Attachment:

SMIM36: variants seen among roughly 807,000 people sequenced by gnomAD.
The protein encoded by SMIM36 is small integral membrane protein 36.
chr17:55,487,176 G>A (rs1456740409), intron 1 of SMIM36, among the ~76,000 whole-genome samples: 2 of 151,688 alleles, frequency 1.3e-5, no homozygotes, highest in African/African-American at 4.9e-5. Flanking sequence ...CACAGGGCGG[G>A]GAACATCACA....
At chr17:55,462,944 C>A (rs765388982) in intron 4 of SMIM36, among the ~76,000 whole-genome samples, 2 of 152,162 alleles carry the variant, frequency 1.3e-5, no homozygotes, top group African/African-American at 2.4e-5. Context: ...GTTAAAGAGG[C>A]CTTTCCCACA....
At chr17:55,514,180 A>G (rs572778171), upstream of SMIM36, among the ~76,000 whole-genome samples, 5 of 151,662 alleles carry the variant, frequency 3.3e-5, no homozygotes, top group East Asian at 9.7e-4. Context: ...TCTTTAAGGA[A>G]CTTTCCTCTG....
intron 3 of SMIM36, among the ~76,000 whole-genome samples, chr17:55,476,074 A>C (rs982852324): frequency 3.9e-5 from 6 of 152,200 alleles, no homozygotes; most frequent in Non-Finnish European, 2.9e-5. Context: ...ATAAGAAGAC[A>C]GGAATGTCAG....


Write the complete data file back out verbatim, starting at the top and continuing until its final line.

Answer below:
SMIM36: variants seen among roughly 807,000 people sequenced by gnomAD.
The protein encoded by SMIM36 is small integral membrane protein 36.
chr17:55,487,176 G>A (rs1456740409), intron 1 of SMIM36, among the ~76,000 whole-genome samples: 2 of 151,688 alleles, frequency 1.3e-5, no homozygotes, highest in African/African-American at 4.9e-5. Flanking sequence ...CACAGGGCGG[G>A]GAACATCACA....
At chr17:55,462,944 C>A (rs765388982) in intron 4 of SMIM36, among the ~76,000 whole-genome samples, 2 of 152,162 alleles carry the variant, frequency 1.3e-5, no homozygotes, top group African/African-American at 2.4e-5. Context: ...GTTAAAGAGG[C>A]CTTTCCCACA....
At chr17:55,514,180 A>G (rs572778171), upstream of SMIM36, among the ~76,000 whole-genome samples, 5 of 151,662 alleles carry the variant, frequency 3.3e-5, no homozygotes, top group East Asian at 9.7e-4. Context: ...TCTTTAAGGA[A>G]CTTTCCTCTG....
intron 3 of SMIM36, among the ~76,000 whole-genome samples, chr17:55,476,074 A>C (rs982852324): frequency 3.9e-5 from 6 of 152,200 alleles, no homozygotes; most frequent in Non-Finnish European, 2.9e-5. Context: ...ATAAGAAGAC[A>C]GGAATGTCAG....